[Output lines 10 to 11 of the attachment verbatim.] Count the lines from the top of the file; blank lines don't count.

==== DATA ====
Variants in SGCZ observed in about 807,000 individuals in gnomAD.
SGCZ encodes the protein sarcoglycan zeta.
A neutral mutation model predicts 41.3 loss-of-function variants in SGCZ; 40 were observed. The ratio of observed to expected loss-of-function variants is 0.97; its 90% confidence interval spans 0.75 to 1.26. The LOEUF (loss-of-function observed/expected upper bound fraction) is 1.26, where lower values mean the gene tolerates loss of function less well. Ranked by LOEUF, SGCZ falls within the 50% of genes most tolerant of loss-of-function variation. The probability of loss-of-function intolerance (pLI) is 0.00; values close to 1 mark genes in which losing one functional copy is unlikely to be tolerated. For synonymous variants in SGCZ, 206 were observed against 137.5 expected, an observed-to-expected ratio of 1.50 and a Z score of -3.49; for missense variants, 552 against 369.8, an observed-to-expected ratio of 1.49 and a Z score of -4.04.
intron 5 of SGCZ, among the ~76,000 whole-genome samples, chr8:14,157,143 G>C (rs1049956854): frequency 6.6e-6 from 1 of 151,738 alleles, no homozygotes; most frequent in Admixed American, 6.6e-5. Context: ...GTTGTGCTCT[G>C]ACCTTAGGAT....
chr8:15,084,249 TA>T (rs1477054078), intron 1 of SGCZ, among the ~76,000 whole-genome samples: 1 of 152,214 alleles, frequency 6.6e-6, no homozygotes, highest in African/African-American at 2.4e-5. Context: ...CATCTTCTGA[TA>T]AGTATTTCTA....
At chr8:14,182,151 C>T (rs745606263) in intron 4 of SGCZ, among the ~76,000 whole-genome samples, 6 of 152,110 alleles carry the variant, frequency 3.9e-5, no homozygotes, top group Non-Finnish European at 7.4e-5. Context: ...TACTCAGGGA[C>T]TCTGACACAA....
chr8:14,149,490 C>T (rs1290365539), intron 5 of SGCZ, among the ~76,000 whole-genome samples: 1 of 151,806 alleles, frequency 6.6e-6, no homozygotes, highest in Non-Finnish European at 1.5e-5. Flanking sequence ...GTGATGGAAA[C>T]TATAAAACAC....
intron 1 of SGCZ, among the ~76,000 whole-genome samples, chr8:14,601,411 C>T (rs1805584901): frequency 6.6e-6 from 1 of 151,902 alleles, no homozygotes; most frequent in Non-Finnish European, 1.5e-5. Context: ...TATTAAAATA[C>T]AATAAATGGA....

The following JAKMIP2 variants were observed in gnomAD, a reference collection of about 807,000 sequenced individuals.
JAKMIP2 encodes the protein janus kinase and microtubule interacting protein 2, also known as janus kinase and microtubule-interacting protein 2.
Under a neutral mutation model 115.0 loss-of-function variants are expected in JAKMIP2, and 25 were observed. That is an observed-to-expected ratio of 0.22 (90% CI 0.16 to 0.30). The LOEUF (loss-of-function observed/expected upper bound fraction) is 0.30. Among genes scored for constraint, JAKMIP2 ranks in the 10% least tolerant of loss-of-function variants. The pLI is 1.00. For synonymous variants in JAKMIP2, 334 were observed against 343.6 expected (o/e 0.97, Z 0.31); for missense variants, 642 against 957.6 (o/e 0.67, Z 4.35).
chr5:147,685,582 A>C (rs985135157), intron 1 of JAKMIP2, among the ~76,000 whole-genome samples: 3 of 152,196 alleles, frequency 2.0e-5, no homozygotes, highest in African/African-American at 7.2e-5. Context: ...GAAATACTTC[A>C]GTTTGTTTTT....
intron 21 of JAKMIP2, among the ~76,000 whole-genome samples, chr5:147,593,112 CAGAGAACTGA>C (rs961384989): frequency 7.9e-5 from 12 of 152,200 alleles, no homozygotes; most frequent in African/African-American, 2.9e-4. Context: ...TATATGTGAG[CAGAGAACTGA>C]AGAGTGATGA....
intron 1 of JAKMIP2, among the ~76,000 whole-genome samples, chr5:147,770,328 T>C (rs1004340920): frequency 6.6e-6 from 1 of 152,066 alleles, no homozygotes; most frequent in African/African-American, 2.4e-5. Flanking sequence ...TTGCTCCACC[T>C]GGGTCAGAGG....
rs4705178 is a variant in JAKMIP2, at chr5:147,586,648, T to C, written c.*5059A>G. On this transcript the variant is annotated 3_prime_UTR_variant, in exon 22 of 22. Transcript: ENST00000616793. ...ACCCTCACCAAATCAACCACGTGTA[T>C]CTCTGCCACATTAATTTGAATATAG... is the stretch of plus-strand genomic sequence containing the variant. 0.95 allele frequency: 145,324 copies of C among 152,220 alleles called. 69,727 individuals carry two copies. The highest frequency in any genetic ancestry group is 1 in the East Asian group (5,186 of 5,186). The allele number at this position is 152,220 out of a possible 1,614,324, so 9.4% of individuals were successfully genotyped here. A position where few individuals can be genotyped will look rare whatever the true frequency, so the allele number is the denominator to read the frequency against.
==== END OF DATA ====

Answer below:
JAKMIP2 encodes the protein janus kinase and microtubule interacting protein 2, also known as janus kinase and microtubule-interacting protein 2.
Under a neutral mutation model 115.0 loss-of-function variants are expected in JAKMIP2, and 25 were observed. That is an observed-to-expected ratio of 0.22 (90% CI 0.16 to 0.30). The LOEUF (loss-of-function observed/expected upper bound fraction) is 0.30. Among genes scored for constraint, JAKMIP2 ranks in the 10% least tolerant of loss-of-function variants. The pLI is 1.00. For synonymous variants in JAKMIP2, 334 were observed against 343.6 expected (o/e 0.97, Z 0.31); for missense variants, 642 against 957.6 (o/e 0.67, Z 4.35).